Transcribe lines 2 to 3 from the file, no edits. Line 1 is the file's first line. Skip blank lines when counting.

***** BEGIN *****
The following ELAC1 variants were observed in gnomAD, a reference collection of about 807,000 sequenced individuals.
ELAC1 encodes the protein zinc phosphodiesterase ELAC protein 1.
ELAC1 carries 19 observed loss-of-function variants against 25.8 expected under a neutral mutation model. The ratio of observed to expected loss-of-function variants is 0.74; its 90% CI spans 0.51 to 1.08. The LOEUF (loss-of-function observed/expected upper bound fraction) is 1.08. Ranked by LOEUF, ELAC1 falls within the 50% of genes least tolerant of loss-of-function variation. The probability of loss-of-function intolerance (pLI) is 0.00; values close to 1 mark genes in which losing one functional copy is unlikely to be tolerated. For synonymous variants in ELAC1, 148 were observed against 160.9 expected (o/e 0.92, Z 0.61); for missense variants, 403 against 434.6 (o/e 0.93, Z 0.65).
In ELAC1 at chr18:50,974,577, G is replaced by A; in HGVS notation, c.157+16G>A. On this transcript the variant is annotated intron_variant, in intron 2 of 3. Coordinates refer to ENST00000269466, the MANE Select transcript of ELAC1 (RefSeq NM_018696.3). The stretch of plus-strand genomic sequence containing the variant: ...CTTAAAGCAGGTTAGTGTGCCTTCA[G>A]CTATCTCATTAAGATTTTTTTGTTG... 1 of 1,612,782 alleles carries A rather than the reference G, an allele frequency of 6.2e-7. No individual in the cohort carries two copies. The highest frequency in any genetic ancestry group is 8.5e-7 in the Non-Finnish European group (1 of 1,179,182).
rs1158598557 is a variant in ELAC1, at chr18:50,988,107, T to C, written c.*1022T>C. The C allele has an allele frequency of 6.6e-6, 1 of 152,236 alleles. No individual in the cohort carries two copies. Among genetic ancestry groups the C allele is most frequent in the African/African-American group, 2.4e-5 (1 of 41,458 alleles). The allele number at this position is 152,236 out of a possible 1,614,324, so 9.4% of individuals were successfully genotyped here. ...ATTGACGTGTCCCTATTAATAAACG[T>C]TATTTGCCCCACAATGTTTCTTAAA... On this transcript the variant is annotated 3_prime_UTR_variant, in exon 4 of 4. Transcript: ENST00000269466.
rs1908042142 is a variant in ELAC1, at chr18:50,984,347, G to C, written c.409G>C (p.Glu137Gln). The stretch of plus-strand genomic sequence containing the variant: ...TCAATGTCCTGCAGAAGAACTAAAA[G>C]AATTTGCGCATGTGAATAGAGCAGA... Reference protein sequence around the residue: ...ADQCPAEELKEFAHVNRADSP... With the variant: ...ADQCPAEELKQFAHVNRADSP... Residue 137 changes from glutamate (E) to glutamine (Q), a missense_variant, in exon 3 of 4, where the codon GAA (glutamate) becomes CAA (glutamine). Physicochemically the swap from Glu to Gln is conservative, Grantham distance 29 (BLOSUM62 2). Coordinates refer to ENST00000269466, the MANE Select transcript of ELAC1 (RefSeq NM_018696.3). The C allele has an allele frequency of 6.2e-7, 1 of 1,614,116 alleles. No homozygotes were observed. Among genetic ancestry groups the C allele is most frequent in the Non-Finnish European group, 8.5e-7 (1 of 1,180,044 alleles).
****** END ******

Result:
ELAC1 encodes the protein zinc phosphodiesterase ELAC protein 1.
ELAC1 carries 19 observed loss-of-function variants against 25.8 expected under a neutral mutation model. The ratio of observed to expected loss-of-function variants is 0.74; its 90% CI spans 0.51 to 1.08. The LOEUF (loss-of-function observed/expected upper bound fraction) is 1.08. Ranked by LOEUF, ELAC1 falls within the 50% of genes least tolerant of loss-of-function variation. The probability of loss-of-function intolerance (pLI) is 0.00; values close to 1 mark genes in which losing one functional copy is unlikely to be tolerated. For synonymous variants in ELAC1, 148 were observed against 160.9 expected (o/e 0.92, Z 0.61); for missense variants, 403 against 434.6 (o/e 0.93, Z 0.65).